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a VirtualTourist member from Brasília

South America

Atacama, Easter Islands or Cusco?

Have you recently visited the Atacama Desert in Chile, the Easter Islands in the Pacific Ocean or Cusco in Peru? I am planning a 6-9 day trip and would like to know your impressions. Nature must be astonishing and unique in the desert, as must be the Inca civilization remanescent buildings in Cusco, and the historical significance and nature of the islands... Having a hard time deciding!

6 Answers

answered by
a VirtualTourist member from Singapore

If u are going to Machu Picchu, u will most certainly be coming from Cusco. A couple of days is enough there. Its nice, a world heritage site but very touristy. So is Atacama especially the cowboy town of San Pedro de Atacama. U must like desert and sand dune and gazing at the stars to really enjoy Atacama. They have a few lagunas too. 3 days at most. U can cross the border to Bolivia just next door from Atacama and go to the awesome salt lake at Salar de Uyuni and the Altiplano. U will pass by hot sping, geysers and red and green lagunas near there. Sorry have not been to Easter Island.

answered by
a VirtualTourist member from Puerto Princesa

Having driven through the Atacama Desert it intends ro be a little boring after a day or two. Cusco and Machu Picchu are very interesting with a lot more to do than visit MP. I have never been to Easter Islands so that would be my choice. I imagine that it would be a place to relax and explore leisurely on foot!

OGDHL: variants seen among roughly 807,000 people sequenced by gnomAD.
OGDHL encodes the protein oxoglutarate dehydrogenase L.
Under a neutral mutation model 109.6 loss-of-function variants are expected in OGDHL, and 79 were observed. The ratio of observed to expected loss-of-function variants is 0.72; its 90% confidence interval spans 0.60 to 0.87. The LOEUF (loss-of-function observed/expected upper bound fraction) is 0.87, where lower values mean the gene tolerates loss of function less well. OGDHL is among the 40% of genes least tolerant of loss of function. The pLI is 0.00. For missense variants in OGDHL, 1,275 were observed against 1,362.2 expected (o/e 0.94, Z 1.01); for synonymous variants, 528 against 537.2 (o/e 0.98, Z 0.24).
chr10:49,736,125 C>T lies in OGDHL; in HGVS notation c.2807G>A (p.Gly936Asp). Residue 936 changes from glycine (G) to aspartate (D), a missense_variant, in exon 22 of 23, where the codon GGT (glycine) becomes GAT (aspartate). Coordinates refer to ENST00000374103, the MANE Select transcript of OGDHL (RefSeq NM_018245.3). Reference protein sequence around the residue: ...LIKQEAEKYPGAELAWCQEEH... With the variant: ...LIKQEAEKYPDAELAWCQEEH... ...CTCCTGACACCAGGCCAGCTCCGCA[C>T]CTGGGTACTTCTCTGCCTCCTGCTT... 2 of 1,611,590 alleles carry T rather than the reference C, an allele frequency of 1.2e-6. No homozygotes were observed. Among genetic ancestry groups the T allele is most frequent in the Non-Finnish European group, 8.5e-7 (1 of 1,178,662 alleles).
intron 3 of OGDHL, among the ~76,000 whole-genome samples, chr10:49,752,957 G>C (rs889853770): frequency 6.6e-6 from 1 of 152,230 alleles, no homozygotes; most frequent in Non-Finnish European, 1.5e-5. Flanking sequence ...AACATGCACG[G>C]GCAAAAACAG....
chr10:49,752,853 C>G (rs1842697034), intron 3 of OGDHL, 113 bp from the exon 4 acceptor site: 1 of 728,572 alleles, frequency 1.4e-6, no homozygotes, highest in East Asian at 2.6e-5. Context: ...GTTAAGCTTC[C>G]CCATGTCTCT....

answered by
a VirtualTourist member from Brasília

thanks david and walkietalkie!

david, Easter Island seemed interesting because it would be like a taste of Polynesian history, even if a sad one, not very far from S.America - a few hours flying from Lima, Peru or Santiago, Chile. And it's a peculiar place, with their characteristic stonework, the moai. Indeed, it seems to me as well a place for leisure and relaxing with a fair climate.

But, perhaps after 4-5 days things get repetitive, monotonous.

walkietalkie, if going to Atacama, i will include the excursion to Salar de Uyuni and Altiplano, thank you. These looks seem unreal, ideal place for some seriuos photo taking there. And if i man up and take a bath in the thermal waters in the freezing cold, what i cannot guarantee, it will be easier getting in than getting out. :)

and david, thanks, i will be looking for further Cusco an MP reviews, i have a fascination for Inca history after i read a book that i throughly enjoyed, a couple of years ago: Kim MacQuarries's "The last days of the Incas". Even knowing beforehand how the inevitable end would be...